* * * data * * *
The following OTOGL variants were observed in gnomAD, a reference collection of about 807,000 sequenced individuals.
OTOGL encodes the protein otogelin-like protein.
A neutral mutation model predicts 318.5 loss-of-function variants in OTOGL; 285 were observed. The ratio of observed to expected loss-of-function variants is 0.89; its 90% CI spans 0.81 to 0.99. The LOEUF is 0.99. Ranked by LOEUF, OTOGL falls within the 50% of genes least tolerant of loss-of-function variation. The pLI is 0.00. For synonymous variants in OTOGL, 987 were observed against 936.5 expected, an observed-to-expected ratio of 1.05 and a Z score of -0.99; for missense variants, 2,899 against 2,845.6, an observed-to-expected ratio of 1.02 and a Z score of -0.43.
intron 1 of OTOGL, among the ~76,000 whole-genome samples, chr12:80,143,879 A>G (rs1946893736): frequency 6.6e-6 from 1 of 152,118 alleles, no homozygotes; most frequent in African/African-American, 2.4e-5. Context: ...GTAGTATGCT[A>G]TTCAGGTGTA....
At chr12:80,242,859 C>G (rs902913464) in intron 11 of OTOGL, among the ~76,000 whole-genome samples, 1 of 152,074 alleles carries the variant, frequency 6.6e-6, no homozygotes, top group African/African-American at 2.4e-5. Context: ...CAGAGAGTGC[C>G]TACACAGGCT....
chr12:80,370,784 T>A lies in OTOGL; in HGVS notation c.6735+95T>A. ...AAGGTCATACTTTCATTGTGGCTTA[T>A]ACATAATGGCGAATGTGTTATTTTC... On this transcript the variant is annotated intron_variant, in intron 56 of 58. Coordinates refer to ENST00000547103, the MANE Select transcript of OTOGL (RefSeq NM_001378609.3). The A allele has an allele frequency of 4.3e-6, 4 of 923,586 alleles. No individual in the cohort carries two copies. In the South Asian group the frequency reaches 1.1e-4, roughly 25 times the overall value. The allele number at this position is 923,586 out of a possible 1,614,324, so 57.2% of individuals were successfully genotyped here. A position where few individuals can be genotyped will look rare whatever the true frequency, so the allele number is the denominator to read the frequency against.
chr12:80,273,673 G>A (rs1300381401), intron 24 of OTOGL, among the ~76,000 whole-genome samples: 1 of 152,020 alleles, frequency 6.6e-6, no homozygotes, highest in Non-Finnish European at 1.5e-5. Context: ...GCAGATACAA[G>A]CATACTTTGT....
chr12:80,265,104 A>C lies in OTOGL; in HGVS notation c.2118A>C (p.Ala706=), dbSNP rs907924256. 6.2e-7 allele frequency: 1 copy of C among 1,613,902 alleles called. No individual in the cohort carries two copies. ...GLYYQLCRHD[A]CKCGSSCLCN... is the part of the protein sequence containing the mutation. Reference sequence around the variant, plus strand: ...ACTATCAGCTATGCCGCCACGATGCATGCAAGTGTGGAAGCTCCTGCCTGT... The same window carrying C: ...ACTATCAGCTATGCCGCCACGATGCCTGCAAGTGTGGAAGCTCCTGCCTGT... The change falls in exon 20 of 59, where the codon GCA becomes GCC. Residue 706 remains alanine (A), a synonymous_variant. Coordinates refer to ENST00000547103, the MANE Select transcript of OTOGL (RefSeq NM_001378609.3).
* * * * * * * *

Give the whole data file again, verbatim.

The following OTOGL variants were observed in gnomAD, a reference collection of about 807,000 sequenced individuals.
OTOGL encodes the protein otogelin-like protein.
A neutral mutation model predicts 318.5 loss-of-function variants in OTOGL; 285 were observed. The ratio of observed to expected loss-of-function variants is 0.89; its 90% CI spans 0.81 to 0.99. The LOEUF is 0.99. Ranked by LOEUF, OTOGL falls within the 50% of genes least tolerant of loss-of-function variation. The pLI is 0.00. For synonymous variants in OTOGL, 987 were observed against 936.5 expected, an observed-to-expected ratio of 1.05 and a Z score of -0.99; for missense variants, 2,899 against 2,845.6, an observed-to-expected ratio of 1.02 and a Z score of -0.43.
intron 1 of OTOGL, among the ~76,000 whole-genome samples, chr12:80,143,879 A>G (rs1946893736): frequency 6.6e-6 from 1 of 152,118 alleles, no homozygotes; most frequent in African/African-American, 2.4e-5. Context: ...GTAGTATGCT[A>G]TTCAGGTGTA....
At chr12:80,242,859 C>G (rs902913464) in intron 11 of OTOGL, among the ~76,000 whole-genome samples, 1 of 152,074 alleles carries the variant, frequency 6.6e-6, no homozygotes, top group African/African-American at 2.4e-5. Context: ...CAGAGAGTGC[C>G]TACACAGGCT....
chr12:80,370,784 T>A lies in OTOGL; in HGVS notation c.6735+95T>A. ...AAGGTCATACTTTCATTGTGGCTTA[T>A]ACATAATGGCGAATGTGTTATTTTC... On this transcript the variant is annotated intron_variant, in intron 56 of 58. Coordinates refer to ENST00000547103, the MANE Select transcript of OTOGL (RefSeq NM_001378609.3). The A allele has an allele frequency of 4.3e-6, 4 of 923,586 alleles. No individual in the cohort carries two copies. In the South Asian group the frequency reaches 1.1e-4, roughly 25 times the overall value. The allele number at this position is 923,586 out of a possible 1,614,324, so 57.2% of individuals were successfully genotyped here. A position where few individuals can be genotyped will look rare whatever the true frequency, so the allele number is the denominator to read the frequency against.
chr12:80,273,673 G>A (rs1300381401), intron 24 of OTOGL, among the ~76,000 whole-genome samples: 1 of 152,020 alleles, frequency 6.6e-6, no homozygotes, highest in Non-Finnish European at 1.5e-5. Context: ...GCAGATACAA[G>A]CATACTTTGT....
chr12:80,265,104 A>C lies in OTOGL; in HGVS notation c.2118A>C (p.Ala706=), dbSNP rs907924256. 6.2e-7 allele frequency: 1 copy of C among 1,613,902 alleles called. No individual in the cohort carries two copies. ...GLYYQLCRHD[A]CKCGSSCLCN... is the part of the protein sequence containing the mutation. Reference sequence around the variant, plus strand: ...ACTATCAGCTATGCCGCCACGATGCATGCAAGTGTGGAAGCTCCTGCCTGT... The same window carrying C: ...ACTATCAGCTATGCCGCCACGATGCCTGCAAGTGTGGAAGCTCCTGCCTGT... The change falls in exon 20 of 59, where the codon GCA becomes GCC. Residue 706 remains alanine (A), a synonymous_variant. Coordinates refer to ENST00000547103, the MANE Select transcript of OTOGL (RefSeq NM_001378609.3).